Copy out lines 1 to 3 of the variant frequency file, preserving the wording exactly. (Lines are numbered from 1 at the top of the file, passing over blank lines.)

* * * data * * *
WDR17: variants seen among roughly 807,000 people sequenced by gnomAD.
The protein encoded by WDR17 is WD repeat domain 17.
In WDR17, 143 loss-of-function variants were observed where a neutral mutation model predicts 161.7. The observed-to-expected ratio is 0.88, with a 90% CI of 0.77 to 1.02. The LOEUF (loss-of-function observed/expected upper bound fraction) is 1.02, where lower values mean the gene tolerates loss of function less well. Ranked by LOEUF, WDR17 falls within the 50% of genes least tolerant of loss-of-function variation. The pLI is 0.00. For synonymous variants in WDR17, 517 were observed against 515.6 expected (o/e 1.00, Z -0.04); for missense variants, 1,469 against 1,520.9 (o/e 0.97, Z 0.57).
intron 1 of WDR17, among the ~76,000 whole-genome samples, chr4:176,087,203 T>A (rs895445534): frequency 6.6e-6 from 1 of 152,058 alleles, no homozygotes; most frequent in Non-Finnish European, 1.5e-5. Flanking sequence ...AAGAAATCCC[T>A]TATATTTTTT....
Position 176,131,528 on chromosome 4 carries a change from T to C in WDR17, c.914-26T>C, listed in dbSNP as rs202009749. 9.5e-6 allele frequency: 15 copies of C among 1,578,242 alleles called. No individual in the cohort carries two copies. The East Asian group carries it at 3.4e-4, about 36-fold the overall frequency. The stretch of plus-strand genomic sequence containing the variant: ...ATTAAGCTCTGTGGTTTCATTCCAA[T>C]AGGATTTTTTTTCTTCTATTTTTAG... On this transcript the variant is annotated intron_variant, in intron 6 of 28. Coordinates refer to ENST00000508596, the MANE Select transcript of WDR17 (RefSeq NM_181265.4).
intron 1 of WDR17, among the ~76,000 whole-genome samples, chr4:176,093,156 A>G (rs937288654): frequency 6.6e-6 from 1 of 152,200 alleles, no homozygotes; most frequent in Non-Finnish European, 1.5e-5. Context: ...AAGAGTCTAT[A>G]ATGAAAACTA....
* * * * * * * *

WDR17: variants seen among roughly 807,000 people sequenced by gnomAD.
The protein encoded by WDR17 is WD repeat domain 17.
In WDR17, 143 loss-of-function variants were observed where a neutral mutation model predicts 161.7. The observed-to-expected ratio is 0.88, with a 90% CI of 0.77 to 1.02. The LOEUF (loss-of-function observed/expected upper bound fraction) is 1.02, where lower values mean the gene tolerates loss of function less well. Ranked by LOEUF, WDR17 falls within the 50% of genes least tolerant of loss-of-function variation. The pLI is 0.00. For synonymous variants in WDR17, 517 were observed against 515.6 expected (o/e 1.00, Z -0.04); for missense variants, 1,469 against 1,520.9 (o/e 0.97, Z 0.57).